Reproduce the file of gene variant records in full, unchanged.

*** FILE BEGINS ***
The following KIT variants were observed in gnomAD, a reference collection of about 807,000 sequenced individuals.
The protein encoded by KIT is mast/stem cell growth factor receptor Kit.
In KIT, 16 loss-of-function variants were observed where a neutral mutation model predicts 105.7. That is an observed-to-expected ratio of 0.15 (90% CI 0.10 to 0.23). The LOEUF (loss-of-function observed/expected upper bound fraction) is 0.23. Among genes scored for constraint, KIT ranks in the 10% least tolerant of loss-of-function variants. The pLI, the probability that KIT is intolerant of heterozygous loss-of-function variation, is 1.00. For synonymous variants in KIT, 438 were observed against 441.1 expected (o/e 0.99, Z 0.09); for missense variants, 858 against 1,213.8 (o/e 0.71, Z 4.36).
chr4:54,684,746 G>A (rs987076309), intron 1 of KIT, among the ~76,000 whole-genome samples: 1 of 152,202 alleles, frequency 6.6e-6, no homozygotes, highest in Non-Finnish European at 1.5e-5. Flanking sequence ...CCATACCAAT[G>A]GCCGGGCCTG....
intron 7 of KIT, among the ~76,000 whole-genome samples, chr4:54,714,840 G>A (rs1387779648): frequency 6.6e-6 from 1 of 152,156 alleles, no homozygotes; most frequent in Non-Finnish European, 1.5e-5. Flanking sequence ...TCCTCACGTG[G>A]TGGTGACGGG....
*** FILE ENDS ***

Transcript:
The following KIT variants were observed in gnomAD, a reference collection of about 807,000 sequenced individuals.
The protein encoded by KIT is mast/stem cell growth factor receptor Kit.
In KIT, 16 loss-of-function variants were observed where a neutral mutation model predicts 105.7. That is an observed-to-expected ratio of 0.15 (90% CI 0.10 to 0.23). The LOEUF (loss-of-function observed/expected upper bound fraction) is 0.23. Among genes scored for constraint, KIT ranks in the 10% least tolerant of loss-of-function variants. The pLI, the probability that KIT is intolerant of heterozygous loss-of-function variation, is 1.00. For synonymous variants in KIT, 438 were observed against 441.1 expected (o/e 0.99, Z 0.09); for missense variants, 858 against 1,213.8 (o/e 0.71, Z 4.36).
chr4:54,684,746 G>A (rs987076309), intron 1 of KIT, among the ~76,000 whole-genome samples: 1 of 152,202 alleles, frequency 6.6e-6, no homozygotes, highest in Non-Finnish European at 1.5e-5. Flanking sequence ...CCATACCAAT[G>A]GCCGGGCCTG....
intron 7 of KIT, among the ~76,000 whole-genome samples, chr4:54,714,840 G>A (rs1387779648): frequency 6.6e-6 from 1 of 152,156 alleles, no homozygotes; most frequent in Non-Finnish European, 1.5e-5. Flanking sequence ...TCCTCACGTG[G>A]TGGTGACGGG....